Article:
BY SAEED NAQVI
Ever since Indira Gandhi centralized political power and proceeded to be distant, pundits have not been very convincing they have a grip on political information, leave alone wisdom. Thanks to the inaccessibility of the present Congress “High Command”, the situation these days is even worse.
A report by Amitabh Dubey on the way the cookie might crumble within the Congress Party has caused pundits to carry neatly folded clippings of the document and make appearances at parties with the sort of glint in their eyes which comes from knowledge.
Universal credibility was accorded to the report because he is the son of Suman Dubey, Rajiv Gandhi’s schoolmate. No surprise, then, that Amitabh knows Rahul Gandhi quite well.
As Director of London based Market Research Consultancy, Trusted Sources, Amitabh is required to keep investors, who are his clients, posted on important political events in India. Heaven knows how the story leaked to the Economic Times.
The inside page story on October 30 carried the headline: ‘Rahul Gandhi as PM will galvanize Congress says his analyst friend‘. The repeat on November 5 had a different heading: ‘Rahul Gandhi to take over as Congress Chief in weeks‘. Then on November 6 “Rahul Gandhi now needs to rewrite campaign”. The first sentence in this story was: “Congress General Secretary Rahul Gandhi, who is expected to take over the reins of India’s Grand Old Party shortly……………..”
Just when the Pundits had begun to greet each other with that I-told-you-so bravado, the chairman of the Congress Media department, Janardhan Dwivedi, who occasionally knows, said something which was neither a confirmation nor denial of Amitabh Dubey’s appraisal, just a statement to keep the issue, and himself, in play.
Dubey’s report for his business clients had also hinted that Manmohan Singh may be on his way out by 2012, when the crucial UP elections are due. The implication was that a more dynamic Rahul Gandhi as Prime Minister might impact more positively on the Congress outcome in UP.
Alternatively two other reliable candidates mentioned were Defence Minister A.K. Antony or Lok Sabha Speaker Meira Kumar but the first was “too slow” in taking decisions while the second had “no administrative” experience. Names of Pranab Mukerjee and P. Chidambaram were mentioned with the rider that the open spat between them may have “hurt their chances”.
Dwivedi answered media queries in these words: “there is no suspense about it. He (Rahul) has a role, which is increasing constantly. In natural course, his role will go on increasing. This is what Congressmen want and this is what in their opinion is natural.” He then tosses the political googly: “Congress President Sonia Gandhi is here to lead the party and she will decide what to do and when.” This does not contradict earlier stories, only places the coronation cap in Sonia Gandhi’s hand.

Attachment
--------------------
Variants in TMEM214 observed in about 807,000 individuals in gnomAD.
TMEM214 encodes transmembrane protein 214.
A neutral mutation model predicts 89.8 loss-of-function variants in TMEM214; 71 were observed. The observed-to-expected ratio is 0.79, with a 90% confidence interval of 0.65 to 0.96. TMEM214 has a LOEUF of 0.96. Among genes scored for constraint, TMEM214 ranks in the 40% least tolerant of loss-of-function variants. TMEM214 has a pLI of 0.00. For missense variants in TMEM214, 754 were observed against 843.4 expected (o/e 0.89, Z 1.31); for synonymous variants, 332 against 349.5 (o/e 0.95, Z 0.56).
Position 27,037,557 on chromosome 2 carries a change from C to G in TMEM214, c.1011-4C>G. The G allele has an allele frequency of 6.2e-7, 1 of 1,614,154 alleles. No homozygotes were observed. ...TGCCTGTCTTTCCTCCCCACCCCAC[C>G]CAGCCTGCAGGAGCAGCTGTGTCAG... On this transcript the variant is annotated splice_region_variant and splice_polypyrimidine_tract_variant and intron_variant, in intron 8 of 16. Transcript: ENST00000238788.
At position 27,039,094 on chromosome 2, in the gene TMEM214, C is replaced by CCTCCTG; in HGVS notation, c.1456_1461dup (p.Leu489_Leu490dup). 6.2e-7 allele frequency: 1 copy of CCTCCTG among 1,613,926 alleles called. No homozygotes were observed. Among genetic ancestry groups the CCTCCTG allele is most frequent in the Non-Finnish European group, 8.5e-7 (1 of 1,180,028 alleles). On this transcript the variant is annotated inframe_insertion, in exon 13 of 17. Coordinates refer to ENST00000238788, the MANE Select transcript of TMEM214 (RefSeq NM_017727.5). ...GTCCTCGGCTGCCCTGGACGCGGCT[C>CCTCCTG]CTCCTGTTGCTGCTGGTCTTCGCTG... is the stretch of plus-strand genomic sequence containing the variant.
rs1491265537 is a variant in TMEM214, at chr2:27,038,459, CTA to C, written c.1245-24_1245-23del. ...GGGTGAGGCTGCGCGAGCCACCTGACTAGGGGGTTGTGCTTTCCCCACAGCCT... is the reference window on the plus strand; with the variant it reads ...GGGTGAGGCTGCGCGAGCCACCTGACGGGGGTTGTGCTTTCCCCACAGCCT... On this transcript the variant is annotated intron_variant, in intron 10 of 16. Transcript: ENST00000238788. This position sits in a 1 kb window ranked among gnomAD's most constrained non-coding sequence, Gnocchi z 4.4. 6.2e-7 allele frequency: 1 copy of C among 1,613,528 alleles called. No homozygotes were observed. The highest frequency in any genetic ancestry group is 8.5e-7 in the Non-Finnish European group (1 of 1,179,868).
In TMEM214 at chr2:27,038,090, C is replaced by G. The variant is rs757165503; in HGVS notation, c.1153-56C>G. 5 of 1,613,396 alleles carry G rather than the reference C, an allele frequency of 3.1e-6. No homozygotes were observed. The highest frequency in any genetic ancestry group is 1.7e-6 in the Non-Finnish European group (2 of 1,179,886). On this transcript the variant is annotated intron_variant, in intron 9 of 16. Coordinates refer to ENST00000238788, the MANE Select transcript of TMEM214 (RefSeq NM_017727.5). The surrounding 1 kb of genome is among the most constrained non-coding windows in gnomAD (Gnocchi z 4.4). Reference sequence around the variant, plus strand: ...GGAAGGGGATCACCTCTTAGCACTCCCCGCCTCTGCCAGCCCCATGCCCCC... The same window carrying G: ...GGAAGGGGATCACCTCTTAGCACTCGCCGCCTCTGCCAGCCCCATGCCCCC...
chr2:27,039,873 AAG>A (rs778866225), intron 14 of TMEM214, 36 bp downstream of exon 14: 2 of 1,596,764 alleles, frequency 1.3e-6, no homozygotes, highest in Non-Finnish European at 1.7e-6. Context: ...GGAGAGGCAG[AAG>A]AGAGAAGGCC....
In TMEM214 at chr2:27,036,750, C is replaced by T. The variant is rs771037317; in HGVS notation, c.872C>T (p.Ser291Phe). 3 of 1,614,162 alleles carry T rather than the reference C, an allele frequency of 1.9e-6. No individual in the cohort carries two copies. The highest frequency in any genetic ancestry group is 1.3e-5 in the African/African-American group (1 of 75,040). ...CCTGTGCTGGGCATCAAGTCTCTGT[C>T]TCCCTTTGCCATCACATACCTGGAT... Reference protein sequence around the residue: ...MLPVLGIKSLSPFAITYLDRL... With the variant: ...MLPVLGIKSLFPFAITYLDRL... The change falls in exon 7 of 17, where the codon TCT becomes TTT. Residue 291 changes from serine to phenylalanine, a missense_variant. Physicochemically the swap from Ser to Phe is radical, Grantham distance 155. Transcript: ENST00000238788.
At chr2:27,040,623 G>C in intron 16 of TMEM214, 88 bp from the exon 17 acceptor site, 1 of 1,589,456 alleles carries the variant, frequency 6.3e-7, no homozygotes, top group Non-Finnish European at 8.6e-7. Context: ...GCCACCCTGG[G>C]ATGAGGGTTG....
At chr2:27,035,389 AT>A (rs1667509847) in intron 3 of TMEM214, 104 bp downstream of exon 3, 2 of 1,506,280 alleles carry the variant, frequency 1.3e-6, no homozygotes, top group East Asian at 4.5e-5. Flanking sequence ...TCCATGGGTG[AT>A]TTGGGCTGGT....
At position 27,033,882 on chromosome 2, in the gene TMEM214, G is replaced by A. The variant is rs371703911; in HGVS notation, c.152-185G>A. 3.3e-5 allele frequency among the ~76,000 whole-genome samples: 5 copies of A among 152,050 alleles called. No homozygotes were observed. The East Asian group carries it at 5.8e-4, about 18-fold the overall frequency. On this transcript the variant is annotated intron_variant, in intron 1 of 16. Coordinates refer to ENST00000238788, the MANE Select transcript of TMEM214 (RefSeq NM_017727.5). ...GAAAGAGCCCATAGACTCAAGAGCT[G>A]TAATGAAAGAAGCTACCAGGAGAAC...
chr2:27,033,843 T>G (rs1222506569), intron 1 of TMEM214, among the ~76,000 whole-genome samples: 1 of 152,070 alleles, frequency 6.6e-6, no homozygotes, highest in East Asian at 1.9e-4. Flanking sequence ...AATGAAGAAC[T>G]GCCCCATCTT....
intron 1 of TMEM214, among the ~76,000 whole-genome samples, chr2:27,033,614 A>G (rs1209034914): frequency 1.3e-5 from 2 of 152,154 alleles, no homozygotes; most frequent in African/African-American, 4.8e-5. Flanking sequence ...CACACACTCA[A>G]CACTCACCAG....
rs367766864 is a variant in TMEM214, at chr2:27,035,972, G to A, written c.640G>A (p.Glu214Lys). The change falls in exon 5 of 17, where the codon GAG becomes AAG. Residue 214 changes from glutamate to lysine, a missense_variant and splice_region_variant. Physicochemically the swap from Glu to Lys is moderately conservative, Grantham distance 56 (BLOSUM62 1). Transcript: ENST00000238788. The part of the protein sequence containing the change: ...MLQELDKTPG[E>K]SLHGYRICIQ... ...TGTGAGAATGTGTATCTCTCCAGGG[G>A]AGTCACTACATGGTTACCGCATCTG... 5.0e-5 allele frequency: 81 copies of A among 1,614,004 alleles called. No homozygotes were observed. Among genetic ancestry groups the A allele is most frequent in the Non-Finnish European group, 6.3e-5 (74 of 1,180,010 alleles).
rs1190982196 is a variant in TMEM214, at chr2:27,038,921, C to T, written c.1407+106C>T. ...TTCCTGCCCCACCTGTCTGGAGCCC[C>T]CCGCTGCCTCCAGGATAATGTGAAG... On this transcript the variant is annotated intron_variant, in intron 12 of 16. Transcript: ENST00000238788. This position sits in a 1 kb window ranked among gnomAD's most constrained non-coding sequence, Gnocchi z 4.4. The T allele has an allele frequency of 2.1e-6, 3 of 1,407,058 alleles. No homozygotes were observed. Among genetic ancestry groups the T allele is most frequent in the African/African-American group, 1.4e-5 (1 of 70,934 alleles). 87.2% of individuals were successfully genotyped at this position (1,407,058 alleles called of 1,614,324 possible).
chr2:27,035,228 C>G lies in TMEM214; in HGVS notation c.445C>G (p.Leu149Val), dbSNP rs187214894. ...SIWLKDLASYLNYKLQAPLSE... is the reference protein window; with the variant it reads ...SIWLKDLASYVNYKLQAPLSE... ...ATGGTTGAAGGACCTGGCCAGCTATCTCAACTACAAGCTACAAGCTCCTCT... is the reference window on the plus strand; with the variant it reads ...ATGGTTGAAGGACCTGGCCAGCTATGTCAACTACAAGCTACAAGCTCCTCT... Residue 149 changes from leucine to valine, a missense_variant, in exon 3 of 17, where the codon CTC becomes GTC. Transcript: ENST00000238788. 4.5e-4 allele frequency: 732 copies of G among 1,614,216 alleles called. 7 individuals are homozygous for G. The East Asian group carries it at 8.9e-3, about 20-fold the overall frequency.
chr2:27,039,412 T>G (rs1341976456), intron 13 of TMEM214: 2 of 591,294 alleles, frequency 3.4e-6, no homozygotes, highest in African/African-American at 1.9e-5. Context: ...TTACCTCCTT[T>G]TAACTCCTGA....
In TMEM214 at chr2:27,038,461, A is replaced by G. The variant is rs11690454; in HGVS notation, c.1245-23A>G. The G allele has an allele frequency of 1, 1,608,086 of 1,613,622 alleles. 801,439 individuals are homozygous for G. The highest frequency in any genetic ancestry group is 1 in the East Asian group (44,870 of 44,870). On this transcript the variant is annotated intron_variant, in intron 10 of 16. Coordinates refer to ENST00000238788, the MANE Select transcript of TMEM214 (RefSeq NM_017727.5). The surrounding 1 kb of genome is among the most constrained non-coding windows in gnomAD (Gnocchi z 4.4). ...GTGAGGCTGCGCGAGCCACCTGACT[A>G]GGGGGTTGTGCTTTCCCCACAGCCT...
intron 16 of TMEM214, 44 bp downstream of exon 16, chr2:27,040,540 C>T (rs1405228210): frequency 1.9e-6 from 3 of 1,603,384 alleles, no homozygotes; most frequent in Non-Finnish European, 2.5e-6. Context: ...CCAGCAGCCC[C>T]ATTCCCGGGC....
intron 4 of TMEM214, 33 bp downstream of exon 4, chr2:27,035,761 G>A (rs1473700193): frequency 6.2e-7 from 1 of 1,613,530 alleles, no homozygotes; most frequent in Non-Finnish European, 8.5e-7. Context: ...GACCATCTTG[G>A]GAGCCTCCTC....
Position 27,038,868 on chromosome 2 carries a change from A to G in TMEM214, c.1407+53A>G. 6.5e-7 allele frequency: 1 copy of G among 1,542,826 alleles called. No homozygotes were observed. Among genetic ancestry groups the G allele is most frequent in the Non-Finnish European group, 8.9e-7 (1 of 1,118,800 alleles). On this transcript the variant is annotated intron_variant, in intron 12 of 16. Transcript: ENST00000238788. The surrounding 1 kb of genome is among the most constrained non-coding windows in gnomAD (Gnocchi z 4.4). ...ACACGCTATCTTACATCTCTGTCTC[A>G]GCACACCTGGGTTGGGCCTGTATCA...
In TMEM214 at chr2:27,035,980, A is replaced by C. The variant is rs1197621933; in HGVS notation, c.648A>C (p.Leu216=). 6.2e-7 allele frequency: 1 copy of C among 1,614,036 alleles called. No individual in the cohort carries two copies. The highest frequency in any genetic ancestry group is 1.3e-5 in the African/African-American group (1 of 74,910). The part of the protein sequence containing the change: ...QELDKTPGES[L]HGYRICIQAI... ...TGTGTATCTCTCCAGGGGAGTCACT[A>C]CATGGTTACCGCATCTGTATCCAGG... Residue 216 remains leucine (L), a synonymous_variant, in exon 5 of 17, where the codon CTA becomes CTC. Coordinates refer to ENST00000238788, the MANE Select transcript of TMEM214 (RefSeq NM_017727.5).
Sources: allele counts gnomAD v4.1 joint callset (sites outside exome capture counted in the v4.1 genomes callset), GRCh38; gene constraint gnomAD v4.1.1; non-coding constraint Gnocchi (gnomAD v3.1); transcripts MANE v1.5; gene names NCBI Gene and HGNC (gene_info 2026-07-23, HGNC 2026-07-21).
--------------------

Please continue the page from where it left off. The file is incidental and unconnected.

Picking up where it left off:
The Congress sometimes divides itself into three coteries even though the principals, Sonia Gandhi, Manmohan Singh and Rahul Gandhi are by themselves mostly in one huddle.
Sonia Gandhi’s unfortunate health is no longer a mystery. What is not known is her ability to cope with the workload Congress Presidentship requires, now that the election season is opening up. It makes immense sense for the family and well wishers for Rahul Gandhi to be strategically positioned to step in just in case Sonia Gandhi’s health requires him to.
This, it turns out, is Rahul’s best bet for the time being until the UP elections are out of the way in March 2012. Should the party do as well as some leaders like Digvijay Singh expect it to, Rahul’s time will have arrived to lead the party in the 2014 General Elections as Prime Ministerial candidate.
But the swollen ranks of pessimists on that score within the Congress may tend to obviate that possibility.
In which case Rahul follows his mother’s formula: Heads, I win; Tails, you lose. That is, I remain leader either of the ruling party or the one in opposition. I am only 41, I can wait and watch. And build the party.
For a party which is squeamish even about carrying out minor cabinet reshuffles, I don’t see how people are contemplating high voltage drama like looking for a Prime Ministerial change in such perilous times.
So, the Prime Minister stays on even as his detractors rub their eyes in disbelief, astonished that “The old man hath so much blood in him!”
(Saeed Naqvi is senior Indian journalist, television commentator, interviewer, and a Distinguished Fellow at Observer Research Foundation. Mr. Naqvi is also a mentor and a guest blogger with Canary Trap)